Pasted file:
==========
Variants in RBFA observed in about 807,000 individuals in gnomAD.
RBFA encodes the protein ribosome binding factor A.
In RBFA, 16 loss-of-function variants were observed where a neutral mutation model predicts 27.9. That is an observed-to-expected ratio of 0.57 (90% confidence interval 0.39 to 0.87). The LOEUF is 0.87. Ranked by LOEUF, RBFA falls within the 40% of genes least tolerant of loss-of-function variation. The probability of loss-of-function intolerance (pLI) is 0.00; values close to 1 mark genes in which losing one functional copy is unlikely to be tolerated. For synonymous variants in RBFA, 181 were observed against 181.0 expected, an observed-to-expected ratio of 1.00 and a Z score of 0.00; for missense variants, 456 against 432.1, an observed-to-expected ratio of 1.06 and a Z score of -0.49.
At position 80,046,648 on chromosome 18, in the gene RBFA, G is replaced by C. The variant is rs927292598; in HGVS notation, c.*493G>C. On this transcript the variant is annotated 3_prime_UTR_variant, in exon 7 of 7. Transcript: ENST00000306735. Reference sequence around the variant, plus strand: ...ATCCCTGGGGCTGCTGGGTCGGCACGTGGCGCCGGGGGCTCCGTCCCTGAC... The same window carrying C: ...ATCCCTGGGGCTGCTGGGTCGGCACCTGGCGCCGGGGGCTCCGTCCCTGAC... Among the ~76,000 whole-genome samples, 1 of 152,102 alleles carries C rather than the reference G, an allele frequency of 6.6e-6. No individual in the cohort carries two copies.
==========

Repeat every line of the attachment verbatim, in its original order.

Variants in RBFA observed in about 807,000 individuals in gnomAD.
RBFA encodes the protein ribosome binding factor A.
In RBFA, 16 loss-of-function variants were observed where a neutral mutation model predicts 27.9. That is an observed-to-expected ratio of 0.57 (90% confidence interval 0.39 to 0.87). The LOEUF is 0.87. Ranked by LOEUF, RBFA falls within the 40% of genes least tolerant of loss-of-function variation. The probability of loss-of-function intolerance (pLI) is 0.00; values close to 1 mark genes in which losing one functional copy is unlikely to be tolerated. For synonymous variants in RBFA, 181 were observed against 181.0 expected, an observed-to-expected ratio of 1.00 and a Z score of 0.00; for missense variants, 456 against 432.1, an observed-to-expected ratio of 1.06 and a Z score of -0.49.
At position 80,046,648 on chromosome 18, in the gene RBFA, G is replaced by C. The variant is rs927292598; in HGVS notation, c.*493G>C. On this transcript the variant is annotated 3_prime_UTR_variant, in exon 7 of 7. Transcript: ENST00000306735. Reference sequence around the variant, plus strand: ...ATCCCTGGGGCTGCTGGGTCGGCACGTGGCGCCGGGGGCTCCGTCCCTGAC... The same window carrying C: ...ATCCCTGGGGCTGCTGGGTCGGCACCTGGCGCCGGGGGCTCCGTCCCTGAC... Among the ~76,000 whole-genome samples, 1 of 152,102 alleles carries C rather than the reference G, an allele frequency of 6.6e-6. No individual in the cohort carries two copies.